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Sustainable Sippers

Sustainable Sippers

November 17

2020

LOCAL WINEMAKERS KEEP BOTH THE PALATE AND THE PLANET IN MIND

By: Alex Ward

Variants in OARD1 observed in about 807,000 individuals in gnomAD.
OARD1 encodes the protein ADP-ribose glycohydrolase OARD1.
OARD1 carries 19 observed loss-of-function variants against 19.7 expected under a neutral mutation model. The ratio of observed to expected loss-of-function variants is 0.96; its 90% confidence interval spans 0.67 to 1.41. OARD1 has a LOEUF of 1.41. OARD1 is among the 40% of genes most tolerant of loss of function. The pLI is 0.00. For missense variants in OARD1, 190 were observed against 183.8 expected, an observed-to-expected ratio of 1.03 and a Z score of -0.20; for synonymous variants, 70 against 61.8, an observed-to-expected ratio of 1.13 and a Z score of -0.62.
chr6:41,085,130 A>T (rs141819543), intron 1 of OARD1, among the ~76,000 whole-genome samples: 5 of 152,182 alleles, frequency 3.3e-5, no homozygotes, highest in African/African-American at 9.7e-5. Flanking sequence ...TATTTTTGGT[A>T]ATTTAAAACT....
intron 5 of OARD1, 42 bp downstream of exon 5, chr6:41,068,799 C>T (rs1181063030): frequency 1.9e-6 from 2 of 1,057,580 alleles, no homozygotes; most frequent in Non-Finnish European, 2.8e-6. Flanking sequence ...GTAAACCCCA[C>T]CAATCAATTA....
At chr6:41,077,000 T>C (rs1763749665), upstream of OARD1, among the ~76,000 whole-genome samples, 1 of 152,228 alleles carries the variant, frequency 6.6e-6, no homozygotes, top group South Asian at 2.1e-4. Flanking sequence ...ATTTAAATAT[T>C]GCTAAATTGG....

At its core, winemaking is an agricultural endeavor. Soil is tilled, vines are trained, grapes are grown, and the crop is picked. As winemakers have come to realize, however, these processes can have significant ecological and labor implications. Consequently, a growing interest in sustainable winemaking is spreading throughout the industry. And along the Central Coast, select vineyards have gone above and beyond to meet the stringent standards of the Sustainability in Practice (SIP) program. To achieve SIP Certification, vineyards must fulfill requirements in a multitude of areas, including water and energy conservation, habitat preservation, and ethical business practices. The wines produced by SIP-Certified vineyards are born from a steadfast commitment to sustainability and are perfect for oenophiles who value both natural and human resources. For Peter Work, grape grower and winemaker at Ampelos Vineyards and Cellars, the SIP Certification program inspires a more rigorous engagement with his craft. “It really made me look at all the different dimensions of farming,” says Work. “It makes you be much more structured in the ways you think about your farming operation and ways you can improve and get better over time.” The Ampelos vineyard, which is additionally certified in biodynamic and organic farming, stuns with its Ampelos 2016 Grenache, Sta. Rita Hills ($37, ampeloscellars.net), a deliciously fruity, natural wine redolent of strawberry and blueberries. Floral scents combine with subtle suggestions of black pepper and baking spice to produce a cool-climate grenache worthy of slow reflection. Lafond Winery & Vineyards has become a must-visit destination for the growing demographic of consumers actively seeking sustainable wine. “We get a lot of people in the tasting room who are interested in the SIP program and appreciate that we take the time to do it,” says general manager David Lafond. The winery’s Lafond Vineyard 2017 Chardonnay, Sta. Rita Hills ($25, lafondwinery.com) is made from some of the oldest chardonnay vines in the vineyard, lending the wine a nuanced maturity and pleasing minerality. The bottle showcases a lovely bouquet of baked apple, citrus, and vanilla with hints of stone fruit and oak on the palate. This is a tantalizing full-bodied white that is well suited for a meal of roasted chicken, white fish, or creamy vegetable soup. In an effort to preserve the environment, Opolo employs sustainable methods in both its winery and vineyard operations, including the recycling of water by way of a two-tank wetlands system. Opolo 2017 Tempranillo, Paso Robles ($30, opolo.com) provides notes of nutmeg and toasted clove that run alongside dried fig, rawhide, and maraschino on the nose. Firm with seemingly chewable tannins, it would hold up well against spicy foods and make a fine partner for Southwestern cuisine, such as shredded chicken in a red mole sauce. Talley Vineyards has been bottling its signature pinot noir since 1986, which marked the first instance of the varietal’s production in coastal San Luis Obispo County. Today, the winery farms more than 150 SIP-Certified acres. Talley Vineyards 2018 Estate Pinot Noir, Arroyo Grande ($42, talleyvineyards.com)  features fragrances of raspberry, cranberry, and delicate oak accompanied by tastes of juicy raspberry and Rainier cherry that lead to a fresh red fruit finish. Fermented with natural yeast, this wine shows moderate acidity,  easy accessibility, and would pair well with salmon or grilled chicken. The J. Wilkes 2019 Petite Sirah, Paso Robles Highlands District ($50, jwilkes.com) delivers powerful aromatics of ripe cassis, violets, and cantaloupe. Flavors of lush blueberry and sugarplum are followed by black tea and tobacco. Well structured and nicely balanced, this sustainably produced red would pair admirably with a steak or grilled portobello mushroom. “I strongly believe the closer we get to an organic model in the vineyards,” says consulting winemaker Wes Hagen, “the better the wines represent the space, time, and soil in which they were nurtured.”